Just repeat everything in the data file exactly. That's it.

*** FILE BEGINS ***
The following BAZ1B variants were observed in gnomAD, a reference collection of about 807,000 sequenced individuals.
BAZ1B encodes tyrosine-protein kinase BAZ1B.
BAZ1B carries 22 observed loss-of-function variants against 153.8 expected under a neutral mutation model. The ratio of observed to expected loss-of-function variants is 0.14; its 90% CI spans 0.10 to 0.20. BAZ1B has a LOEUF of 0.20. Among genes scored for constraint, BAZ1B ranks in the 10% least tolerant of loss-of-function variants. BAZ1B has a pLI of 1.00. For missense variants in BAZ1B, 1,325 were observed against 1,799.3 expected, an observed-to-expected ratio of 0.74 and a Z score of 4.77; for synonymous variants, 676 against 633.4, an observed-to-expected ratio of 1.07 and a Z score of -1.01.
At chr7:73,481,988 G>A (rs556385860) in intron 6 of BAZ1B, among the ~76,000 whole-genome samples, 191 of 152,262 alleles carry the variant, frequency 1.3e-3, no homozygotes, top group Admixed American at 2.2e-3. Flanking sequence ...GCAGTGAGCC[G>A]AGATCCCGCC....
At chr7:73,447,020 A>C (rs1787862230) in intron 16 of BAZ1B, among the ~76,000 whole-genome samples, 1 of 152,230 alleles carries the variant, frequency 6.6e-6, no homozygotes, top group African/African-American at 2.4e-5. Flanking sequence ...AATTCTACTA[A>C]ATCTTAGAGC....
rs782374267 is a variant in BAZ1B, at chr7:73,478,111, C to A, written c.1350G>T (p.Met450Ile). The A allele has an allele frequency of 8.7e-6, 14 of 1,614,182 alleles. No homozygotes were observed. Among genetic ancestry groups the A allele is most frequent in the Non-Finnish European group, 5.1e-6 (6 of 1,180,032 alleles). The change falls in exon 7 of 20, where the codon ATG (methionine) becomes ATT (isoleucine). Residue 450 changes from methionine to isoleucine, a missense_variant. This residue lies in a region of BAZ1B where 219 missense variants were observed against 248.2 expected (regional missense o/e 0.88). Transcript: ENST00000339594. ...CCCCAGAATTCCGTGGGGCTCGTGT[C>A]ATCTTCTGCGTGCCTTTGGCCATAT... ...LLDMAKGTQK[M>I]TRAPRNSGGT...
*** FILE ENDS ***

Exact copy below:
The following BAZ1B variants were observed in gnomAD, a reference collection of about 807,000 sequenced individuals.
BAZ1B encodes tyrosine-protein kinase BAZ1B.
BAZ1B carries 22 observed loss-of-function variants against 153.8 expected under a neutral mutation model. The ratio of observed to expected loss-of-function variants is 0.14; its 90% CI spans 0.10 to 0.20. BAZ1B has a LOEUF of 0.20. Among genes scored for constraint, BAZ1B ranks in the 10% least tolerant of loss-of-function variants. BAZ1B has a pLI of 1.00. For missense variants in BAZ1B, 1,325 were observed against 1,799.3 expected, an observed-to-expected ratio of 0.74 and a Z score of 4.77; for synonymous variants, 676 against 633.4, an observed-to-expected ratio of 1.07 and a Z score of -1.01.
At chr7:73,481,988 G>A (rs556385860) in intron 6 of BAZ1B, among the ~76,000 whole-genome samples, 191 of 152,262 alleles carry the variant, frequency 1.3e-3, no homozygotes, top group Admixed American at 2.2e-3. Flanking sequence ...GCAGTGAGCC[G>A]AGATCCCGCC....
At chr7:73,447,020 A>C (rs1787862230) in intron 16 of BAZ1B, among the ~76,000 whole-genome samples, 1 of 152,230 alleles carries the variant, frequency 6.6e-6, no homozygotes, top group African/African-American at 2.4e-5. Flanking sequence ...AATTCTACTA[A>C]ATCTTAGAGC....
rs782374267 is a variant in BAZ1B, at chr7:73,478,111, C to A, written c.1350G>T (p.Met450Ile). The A allele has an allele frequency of 8.7e-6, 14 of 1,614,182 alleles. No homozygotes were observed. Among genetic ancestry groups the A allele is most frequent in the Non-Finnish European group, 5.1e-6 (6 of 1,180,032 alleles). The change falls in exon 7 of 20, where the codon ATG (methionine) becomes ATT (isoleucine). Residue 450 changes from methionine to isoleucine, a missense_variant. This residue lies in a region of BAZ1B where 219 missense variants were observed against 248.2 expected (regional missense o/e 0.88). Transcript: ENST00000339594. ...CCCCAGAATTCCGTGGGGCTCGTGT[C>A]ATCTTCTGCGTGCCTTTGGCCATAT... ...LLDMAKGTQK[M>I]TRAPRNSGGT...